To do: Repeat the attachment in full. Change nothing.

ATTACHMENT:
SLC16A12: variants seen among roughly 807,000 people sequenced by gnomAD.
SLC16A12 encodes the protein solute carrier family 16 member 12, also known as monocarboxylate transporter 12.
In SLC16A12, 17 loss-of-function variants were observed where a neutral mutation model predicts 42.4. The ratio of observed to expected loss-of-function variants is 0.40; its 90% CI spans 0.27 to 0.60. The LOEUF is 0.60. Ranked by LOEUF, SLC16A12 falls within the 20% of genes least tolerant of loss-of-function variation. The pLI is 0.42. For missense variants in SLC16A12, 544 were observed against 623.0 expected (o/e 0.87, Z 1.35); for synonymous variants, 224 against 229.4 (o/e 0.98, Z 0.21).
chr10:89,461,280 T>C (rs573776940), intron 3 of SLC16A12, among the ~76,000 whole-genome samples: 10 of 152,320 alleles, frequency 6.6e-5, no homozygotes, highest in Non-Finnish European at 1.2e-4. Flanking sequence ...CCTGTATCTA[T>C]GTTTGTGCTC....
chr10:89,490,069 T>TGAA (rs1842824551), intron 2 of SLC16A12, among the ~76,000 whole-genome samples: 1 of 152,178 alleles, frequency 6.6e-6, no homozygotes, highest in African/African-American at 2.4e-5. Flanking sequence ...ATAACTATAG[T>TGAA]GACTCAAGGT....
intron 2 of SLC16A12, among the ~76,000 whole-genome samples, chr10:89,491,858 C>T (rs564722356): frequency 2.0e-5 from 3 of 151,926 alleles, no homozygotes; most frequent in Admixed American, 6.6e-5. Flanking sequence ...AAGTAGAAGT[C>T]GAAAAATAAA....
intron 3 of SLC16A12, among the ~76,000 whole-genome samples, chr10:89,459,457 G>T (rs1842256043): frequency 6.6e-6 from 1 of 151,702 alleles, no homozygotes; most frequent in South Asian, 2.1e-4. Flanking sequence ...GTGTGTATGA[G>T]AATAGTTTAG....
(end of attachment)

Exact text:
SLC16A12: variants seen among roughly 807,000 people sequenced by gnomAD.
SLC16A12 encodes the protein solute carrier family 16 member 12, also known as monocarboxylate transporter 12.
In SLC16A12, 17 loss-of-function variants were observed where a neutral mutation model predicts 42.4. The ratio of observed to expected loss-of-function variants is 0.40; its 90% CI spans 0.27 to 0.60. The LOEUF is 0.60. Ranked by LOEUF, SLC16A12 falls within the 20% of genes least tolerant of loss-of-function variation. The pLI is 0.42. For missense variants in SLC16A12, 544 were observed against 623.0 expected (o/e 0.87, Z 1.35); for synonymous variants, 224 against 229.4 (o/e 0.98, Z 0.21).
chr10:89,461,280 T>C (rs573776940), intron 3 of SLC16A12, among the ~76,000 whole-genome samples: 10 of 152,320 alleles, frequency 6.6e-5, no homozygotes, highest in Non-Finnish European at 1.2e-4. Flanking sequence ...CCTGTATCTA[T>C]GTTTGTGCTC....
chr10:89,490,069 T>TGAA (rs1842824551), intron 2 of SLC16A12, among the ~76,000 whole-genome samples: 1 of 152,178 alleles, frequency 6.6e-6, no homozygotes, highest in African/African-American at 2.4e-5. Flanking sequence ...ATAACTATAG[T>TGAA]GACTCAAGGT....
intron 2 of SLC16A12, among the ~76,000 whole-genome samples, chr10:89,491,858 C>T (rs564722356): frequency 2.0e-5 from 3 of 151,926 alleles, no homozygotes; most frequent in Admixed American, 6.6e-5. Flanking sequence ...AAGTAGAAGT[C>T]GAAAAATAAA....
intron 3 of SLC16A12, among the ~76,000 whole-genome samples, chr10:89,459,457 G>T (rs1842256043): frequency 6.6e-6 from 1 of 151,702 alleles, no homozygotes; most frequent in South Asian, 2.1e-4. Flanking sequence ...GTGTGTATGA[G>T]AATAGTTTAG....